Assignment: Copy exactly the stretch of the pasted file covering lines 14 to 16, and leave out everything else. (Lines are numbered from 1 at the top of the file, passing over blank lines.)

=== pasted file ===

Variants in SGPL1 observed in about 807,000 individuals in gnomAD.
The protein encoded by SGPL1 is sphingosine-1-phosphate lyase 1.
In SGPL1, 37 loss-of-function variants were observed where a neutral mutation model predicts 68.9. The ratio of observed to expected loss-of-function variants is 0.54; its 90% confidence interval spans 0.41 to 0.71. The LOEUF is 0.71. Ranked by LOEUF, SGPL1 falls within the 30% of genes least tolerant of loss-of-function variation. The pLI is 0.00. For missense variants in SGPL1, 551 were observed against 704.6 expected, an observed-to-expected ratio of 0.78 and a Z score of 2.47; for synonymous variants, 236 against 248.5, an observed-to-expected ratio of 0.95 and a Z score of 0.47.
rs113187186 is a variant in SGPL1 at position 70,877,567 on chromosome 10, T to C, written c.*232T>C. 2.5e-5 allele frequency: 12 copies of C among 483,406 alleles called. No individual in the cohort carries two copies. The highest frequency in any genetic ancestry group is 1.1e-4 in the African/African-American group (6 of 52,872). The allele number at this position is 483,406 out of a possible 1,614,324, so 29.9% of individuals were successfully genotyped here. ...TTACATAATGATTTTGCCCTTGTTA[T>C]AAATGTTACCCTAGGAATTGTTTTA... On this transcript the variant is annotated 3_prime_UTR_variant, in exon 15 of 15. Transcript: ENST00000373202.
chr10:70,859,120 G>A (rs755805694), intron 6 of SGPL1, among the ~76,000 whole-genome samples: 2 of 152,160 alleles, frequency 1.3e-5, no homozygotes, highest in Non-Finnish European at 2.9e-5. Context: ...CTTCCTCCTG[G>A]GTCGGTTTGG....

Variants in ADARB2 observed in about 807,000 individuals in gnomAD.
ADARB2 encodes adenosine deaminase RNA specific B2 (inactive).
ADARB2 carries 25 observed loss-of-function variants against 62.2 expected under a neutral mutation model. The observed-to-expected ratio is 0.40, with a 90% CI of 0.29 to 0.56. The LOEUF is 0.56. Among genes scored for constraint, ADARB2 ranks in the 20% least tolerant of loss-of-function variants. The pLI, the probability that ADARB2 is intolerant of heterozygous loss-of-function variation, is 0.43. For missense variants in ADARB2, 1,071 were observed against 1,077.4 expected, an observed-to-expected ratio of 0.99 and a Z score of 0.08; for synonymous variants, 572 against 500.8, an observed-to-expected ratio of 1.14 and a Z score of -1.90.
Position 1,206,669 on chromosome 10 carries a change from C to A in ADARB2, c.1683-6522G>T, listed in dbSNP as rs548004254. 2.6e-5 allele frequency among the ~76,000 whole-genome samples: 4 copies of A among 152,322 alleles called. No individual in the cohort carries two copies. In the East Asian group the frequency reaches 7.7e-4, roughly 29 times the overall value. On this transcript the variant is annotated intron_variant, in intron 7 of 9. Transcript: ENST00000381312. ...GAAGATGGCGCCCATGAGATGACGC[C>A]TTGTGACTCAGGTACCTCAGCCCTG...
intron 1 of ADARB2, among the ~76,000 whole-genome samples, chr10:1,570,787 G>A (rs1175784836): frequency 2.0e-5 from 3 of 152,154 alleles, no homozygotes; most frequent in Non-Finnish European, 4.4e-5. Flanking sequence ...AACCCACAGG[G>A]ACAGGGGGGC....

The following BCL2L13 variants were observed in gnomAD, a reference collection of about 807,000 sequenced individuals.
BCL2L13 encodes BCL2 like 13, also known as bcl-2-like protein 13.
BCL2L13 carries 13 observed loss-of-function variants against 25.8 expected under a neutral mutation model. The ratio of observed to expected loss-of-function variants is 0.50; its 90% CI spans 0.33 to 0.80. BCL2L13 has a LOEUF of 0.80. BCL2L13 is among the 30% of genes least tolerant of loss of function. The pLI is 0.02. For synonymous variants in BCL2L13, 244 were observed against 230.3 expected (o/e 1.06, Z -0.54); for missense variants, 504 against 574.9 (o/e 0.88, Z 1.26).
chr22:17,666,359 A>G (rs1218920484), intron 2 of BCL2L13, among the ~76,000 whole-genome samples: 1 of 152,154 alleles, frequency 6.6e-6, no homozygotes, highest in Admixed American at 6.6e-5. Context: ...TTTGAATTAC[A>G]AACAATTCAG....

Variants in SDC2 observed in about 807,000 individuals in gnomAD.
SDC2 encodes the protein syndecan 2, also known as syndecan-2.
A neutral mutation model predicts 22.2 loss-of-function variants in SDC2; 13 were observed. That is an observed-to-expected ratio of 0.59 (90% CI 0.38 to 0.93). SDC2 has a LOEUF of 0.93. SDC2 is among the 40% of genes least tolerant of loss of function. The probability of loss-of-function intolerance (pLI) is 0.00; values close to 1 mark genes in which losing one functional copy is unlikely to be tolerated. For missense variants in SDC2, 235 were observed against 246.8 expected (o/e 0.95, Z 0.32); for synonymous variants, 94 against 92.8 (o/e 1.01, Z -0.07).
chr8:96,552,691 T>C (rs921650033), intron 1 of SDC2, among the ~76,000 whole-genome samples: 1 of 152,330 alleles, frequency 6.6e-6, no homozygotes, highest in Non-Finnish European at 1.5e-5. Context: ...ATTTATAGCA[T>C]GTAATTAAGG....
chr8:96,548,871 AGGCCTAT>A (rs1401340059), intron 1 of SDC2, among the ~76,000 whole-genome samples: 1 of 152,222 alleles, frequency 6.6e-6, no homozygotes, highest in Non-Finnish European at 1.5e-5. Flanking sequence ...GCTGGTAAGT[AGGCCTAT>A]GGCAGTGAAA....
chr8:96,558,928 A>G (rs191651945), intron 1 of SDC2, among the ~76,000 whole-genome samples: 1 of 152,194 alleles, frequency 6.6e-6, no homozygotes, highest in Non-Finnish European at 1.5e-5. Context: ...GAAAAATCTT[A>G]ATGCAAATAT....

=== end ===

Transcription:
chr22:17,666,359 A>G (rs1218920484), intron 2 of BCL2L13, among the ~76,000 whole-genome samples: 1 of 152,154 alleles, frequency 6.6e-6, no homozygotes, highest in Admixed American at 6.6e-5. Context: ...TTTGAATTAC[A>G]AACAATTCAG....

Variants in SDC2 observed in about 807,000 individuals in gnomAD.
SDC2 encodes the protein syndecan 2, also known as syndecan-2.